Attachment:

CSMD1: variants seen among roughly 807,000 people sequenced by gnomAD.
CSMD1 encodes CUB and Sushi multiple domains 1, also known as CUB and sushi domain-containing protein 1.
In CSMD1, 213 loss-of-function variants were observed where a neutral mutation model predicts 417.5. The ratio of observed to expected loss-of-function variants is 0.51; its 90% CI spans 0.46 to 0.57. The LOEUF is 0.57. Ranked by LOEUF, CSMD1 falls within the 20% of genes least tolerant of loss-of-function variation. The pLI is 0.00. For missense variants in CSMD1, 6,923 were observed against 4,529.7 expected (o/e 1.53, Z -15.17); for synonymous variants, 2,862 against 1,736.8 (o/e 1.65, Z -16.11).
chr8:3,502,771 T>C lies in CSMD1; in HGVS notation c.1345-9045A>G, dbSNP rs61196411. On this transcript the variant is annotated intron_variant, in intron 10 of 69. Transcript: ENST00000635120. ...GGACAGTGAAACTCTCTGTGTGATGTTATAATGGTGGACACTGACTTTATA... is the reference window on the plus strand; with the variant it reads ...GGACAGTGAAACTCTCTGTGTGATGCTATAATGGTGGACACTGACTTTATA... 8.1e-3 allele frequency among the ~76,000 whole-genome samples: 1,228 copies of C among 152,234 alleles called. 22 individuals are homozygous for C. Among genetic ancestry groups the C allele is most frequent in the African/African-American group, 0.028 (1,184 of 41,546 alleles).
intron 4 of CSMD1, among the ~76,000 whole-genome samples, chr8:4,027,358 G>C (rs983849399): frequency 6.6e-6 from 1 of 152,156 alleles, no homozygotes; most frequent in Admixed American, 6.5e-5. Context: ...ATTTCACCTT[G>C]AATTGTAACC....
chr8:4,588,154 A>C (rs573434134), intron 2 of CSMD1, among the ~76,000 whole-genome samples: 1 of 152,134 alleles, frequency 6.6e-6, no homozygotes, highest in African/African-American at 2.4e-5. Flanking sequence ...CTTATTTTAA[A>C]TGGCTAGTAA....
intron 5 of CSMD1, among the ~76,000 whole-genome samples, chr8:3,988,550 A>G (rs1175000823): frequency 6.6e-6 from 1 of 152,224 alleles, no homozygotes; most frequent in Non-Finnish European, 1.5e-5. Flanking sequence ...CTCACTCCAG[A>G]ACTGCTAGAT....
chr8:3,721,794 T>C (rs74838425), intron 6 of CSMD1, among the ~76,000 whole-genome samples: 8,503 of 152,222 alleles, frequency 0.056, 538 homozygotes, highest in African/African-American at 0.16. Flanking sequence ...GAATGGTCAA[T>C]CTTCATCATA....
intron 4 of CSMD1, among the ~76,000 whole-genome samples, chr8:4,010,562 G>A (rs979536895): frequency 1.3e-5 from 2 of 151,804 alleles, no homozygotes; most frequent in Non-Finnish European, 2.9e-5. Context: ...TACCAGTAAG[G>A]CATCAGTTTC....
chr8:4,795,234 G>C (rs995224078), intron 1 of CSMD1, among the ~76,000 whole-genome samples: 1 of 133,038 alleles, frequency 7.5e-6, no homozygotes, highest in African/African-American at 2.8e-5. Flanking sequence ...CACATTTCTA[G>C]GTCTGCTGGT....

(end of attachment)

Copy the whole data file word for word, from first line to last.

CSMD1: variants seen among roughly 807,000 people sequenced by gnomAD.
CSMD1 encodes CUB and Sushi multiple domains 1, also known as CUB and sushi domain-containing protein 1.
In CSMD1, 213 loss-of-function variants were observed where a neutral mutation model predicts 417.5. The ratio of observed to expected loss-of-function variants is 0.51; its 90% CI spans 0.46 to 0.57. The LOEUF is 0.57. Ranked by LOEUF, CSMD1 falls within the 20% of genes least tolerant of loss-of-function variation. The pLI is 0.00. For missense variants in CSMD1, 6,923 were observed against 4,529.7 expected (o/e 1.53, Z -15.17); for synonymous variants, 2,862 against 1,736.8 (o/e 1.65, Z -16.11).
chr8:3,502,771 T>C lies in CSMD1; in HGVS notation c.1345-9045A>G, dbSNP rs61196411. On this transcript the variant is annotated intron_variant, in intron 10 of 69. Transcript: ENST00000635120. ...GGACAGTGAAACTCTCTGTGTGATGTTATAATGGTGGACACTGACTTTATA... is the reference window on the plus strand; with the variant it reads ...GGACAGTGAAACTCTCTGTGTGATGCTATAATGGTGGACACTGACTTTATA... 8.1e-3 allele frequency among the ~76,000 whole-genome samples: 1,228 copies of C among 152,234 alleles called. 22 individuals are homozygous for C. Among genetic ancestry groups the C allele is most frequent in the African/African-American group, 0.028 (1,184 of 41,546 alleles).
intron 4 of CSMD1, among the ~76,000 whole-genome samples, chr8:4,027,358 G>C (rs983849399): frequency 6.6e-6 from 1 of 152,156 alleles, no homozygotes; most frequent in Admixed American, 6.5e-5. Context: ...ATTTCACCTT[G>C]AATTGTAACC....
chr8:4,588,154 A>C (rs573434134), intron 2 of CSMD1, among the ~76,000 whole-genome samples: 1 of 152,134 alleles, frequency 6.6e-6, no homozygotes, highest in African/African-American at 2.4e-5. Flanking sequence ...CTTATTTTAA[A>C]TGGCTAGTAA....
intron 5 of CSMD1, among the ~76,000 whole-genome samples, chr8:3,988,550 A>G (rs1175000823): frequency 6.6e-6 from 1 of 152,224 alleles, no homozygotes; most frequent in Non-Finnish European, 1.5e-5. Flanking sequence ...CTCACTCCAG[A>G]ACTGCTAGAT....
chr8:3,721,794 T>C (rs74838425), intron 6 of CSMD1, among the ~76,000 whole-genome samples: 8,503 of 152,222 alleles, frequency 0.056, 538 homozygotes, highest in African/African-American at 0.16. Flanking sequence ...GAATGGTCAA[T>C]CTTCATCATA....
intron 4 of CSMD1, among the ~76,000 whole-genome samples, chr8:4,010,562 G>A (rs979536895): frequency 1.3e-5 from 2 of 151,804 alleles, no homozygotes; most frequent in Non-Finnish European, 2.9e-5. Context: ...TACCAGTAAG[G>A]CATCAGTTTC....
chr8:4,795,234 G>C (rs995224078), intron 1 of CSMD1, among the ~76,000 whole-genome samples: 1 of 133,038 alleles, frequency 7.5e-6, no homozygotes, highest in African/African-American at 2.8e-5. Flanking sequence ...CACATTTCTA[G>C]GTCTGCTGGT....